Christians often say ‘amen’ at the end of prayers — you don’t have to, it just means ‘I agree’ — it’s a way to pray stuff together. Ultimately prayers work best if you’re actually in a relationship with God, not just casually dating, and the way that happens is through Jesus. Through trusting that Jesus is there, and that his prayer (for God’s kingdom to come) was actually answered. Then you can pray to God as someone who is his child (like Jesus did), and you can know that God is listening like a good father listens to their kids (partly cause that’s how the whole Trinity thing works). That changes the way we pray, but the one above might be a useful starting place if you’re in the more casual stage of a relationship — trying to figure out if God is there or not. Give it a go.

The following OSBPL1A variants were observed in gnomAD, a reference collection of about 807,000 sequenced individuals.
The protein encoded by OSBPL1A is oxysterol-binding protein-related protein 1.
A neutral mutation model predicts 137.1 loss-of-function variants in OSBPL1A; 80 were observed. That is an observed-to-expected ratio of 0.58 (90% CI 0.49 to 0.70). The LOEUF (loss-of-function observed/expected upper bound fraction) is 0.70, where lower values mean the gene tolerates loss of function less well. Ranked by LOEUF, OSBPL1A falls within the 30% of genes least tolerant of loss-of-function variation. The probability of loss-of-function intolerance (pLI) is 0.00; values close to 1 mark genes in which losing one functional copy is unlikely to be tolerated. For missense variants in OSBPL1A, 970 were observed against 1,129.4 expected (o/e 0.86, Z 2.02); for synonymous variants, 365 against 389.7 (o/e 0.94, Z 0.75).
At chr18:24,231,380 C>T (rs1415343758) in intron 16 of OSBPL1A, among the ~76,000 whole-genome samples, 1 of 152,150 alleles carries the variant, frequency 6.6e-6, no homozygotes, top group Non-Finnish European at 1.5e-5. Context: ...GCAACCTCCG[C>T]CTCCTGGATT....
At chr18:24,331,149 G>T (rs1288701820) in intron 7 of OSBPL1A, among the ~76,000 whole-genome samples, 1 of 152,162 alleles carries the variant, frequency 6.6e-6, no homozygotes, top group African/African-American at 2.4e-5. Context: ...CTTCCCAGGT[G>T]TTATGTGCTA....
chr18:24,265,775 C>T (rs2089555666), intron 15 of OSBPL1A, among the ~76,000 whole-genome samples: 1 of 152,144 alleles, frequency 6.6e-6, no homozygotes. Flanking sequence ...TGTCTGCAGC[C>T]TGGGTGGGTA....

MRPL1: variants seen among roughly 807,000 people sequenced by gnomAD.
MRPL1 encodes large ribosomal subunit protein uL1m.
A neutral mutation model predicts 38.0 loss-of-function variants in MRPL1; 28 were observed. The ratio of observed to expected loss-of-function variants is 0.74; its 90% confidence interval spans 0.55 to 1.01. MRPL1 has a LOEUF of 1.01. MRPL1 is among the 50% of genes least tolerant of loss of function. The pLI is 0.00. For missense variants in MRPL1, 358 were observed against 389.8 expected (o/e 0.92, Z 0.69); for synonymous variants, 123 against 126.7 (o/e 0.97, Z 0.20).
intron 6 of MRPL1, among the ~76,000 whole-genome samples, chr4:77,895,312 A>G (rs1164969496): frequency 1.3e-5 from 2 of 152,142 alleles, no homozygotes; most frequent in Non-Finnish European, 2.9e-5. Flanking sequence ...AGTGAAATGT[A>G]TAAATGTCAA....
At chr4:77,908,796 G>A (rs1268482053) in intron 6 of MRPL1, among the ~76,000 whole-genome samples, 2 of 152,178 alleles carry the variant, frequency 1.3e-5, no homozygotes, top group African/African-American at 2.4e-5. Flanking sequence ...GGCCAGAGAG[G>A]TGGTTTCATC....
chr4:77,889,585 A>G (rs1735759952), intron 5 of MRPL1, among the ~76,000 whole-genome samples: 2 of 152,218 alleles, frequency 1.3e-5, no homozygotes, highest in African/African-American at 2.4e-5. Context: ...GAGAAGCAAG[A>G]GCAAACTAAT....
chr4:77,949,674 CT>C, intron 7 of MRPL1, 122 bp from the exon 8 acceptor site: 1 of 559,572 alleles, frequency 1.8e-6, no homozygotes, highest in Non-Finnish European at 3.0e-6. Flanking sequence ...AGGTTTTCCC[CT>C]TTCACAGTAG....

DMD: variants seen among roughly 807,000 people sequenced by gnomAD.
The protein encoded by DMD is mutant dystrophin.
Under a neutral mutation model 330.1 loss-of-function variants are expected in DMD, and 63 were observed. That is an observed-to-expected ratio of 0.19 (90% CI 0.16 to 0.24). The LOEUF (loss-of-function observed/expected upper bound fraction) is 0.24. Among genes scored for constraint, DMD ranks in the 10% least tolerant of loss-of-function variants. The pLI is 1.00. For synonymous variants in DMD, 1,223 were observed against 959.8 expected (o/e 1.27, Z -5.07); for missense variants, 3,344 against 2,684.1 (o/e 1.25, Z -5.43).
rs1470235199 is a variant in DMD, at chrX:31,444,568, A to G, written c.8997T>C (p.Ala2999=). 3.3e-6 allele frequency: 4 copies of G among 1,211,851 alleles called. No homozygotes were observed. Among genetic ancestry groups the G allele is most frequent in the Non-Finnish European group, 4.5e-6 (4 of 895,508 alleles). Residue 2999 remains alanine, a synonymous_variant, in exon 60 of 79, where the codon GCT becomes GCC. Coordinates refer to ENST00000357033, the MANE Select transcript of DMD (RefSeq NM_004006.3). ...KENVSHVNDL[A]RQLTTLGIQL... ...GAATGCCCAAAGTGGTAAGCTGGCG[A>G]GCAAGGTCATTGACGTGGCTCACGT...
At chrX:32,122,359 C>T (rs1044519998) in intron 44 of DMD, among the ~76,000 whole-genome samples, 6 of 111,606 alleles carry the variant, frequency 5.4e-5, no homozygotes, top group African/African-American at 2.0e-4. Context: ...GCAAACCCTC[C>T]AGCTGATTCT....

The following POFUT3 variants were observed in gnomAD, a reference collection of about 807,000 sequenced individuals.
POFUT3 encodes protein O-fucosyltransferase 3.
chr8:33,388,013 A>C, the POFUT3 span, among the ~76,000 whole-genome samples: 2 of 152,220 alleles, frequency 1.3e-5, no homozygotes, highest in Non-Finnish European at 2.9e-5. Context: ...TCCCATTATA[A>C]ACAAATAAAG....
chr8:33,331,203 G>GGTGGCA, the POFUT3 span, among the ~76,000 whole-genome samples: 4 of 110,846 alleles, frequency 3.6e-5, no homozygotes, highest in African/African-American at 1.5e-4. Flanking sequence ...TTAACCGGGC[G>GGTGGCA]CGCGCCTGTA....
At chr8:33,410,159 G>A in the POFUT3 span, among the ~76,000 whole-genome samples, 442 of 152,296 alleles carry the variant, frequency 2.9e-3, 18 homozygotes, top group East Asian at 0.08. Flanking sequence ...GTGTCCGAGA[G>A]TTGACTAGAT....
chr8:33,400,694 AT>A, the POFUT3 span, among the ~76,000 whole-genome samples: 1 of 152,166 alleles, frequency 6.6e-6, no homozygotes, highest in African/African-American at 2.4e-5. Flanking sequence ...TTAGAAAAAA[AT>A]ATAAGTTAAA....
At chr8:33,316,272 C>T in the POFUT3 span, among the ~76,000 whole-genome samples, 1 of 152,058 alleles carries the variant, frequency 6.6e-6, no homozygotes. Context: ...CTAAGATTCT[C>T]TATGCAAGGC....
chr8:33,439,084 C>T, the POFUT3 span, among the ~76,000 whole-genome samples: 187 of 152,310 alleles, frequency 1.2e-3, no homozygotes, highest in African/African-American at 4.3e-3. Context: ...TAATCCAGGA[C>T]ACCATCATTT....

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How to write to your MP and the relevant government minister about an issue (as a Christian) in 14 not-easy steps

writingtoapolitician

There are lots of good reasons to write to your local member of parliament or the appropriate government minister as a Christian; we have the incredible privilege of being part of a democracy; where each individual and community of individuals is viewed as having an equal say in how our nation is governed, and where individuals and communities should in principle be entitled to participate equally in public life. One way to participate in our democracy is to vote; but our participation shouldn’t end there (nor should we think that participating well in a democracy, or the public life of our nation is limited to the political sphere and how we influence our politicians and vote).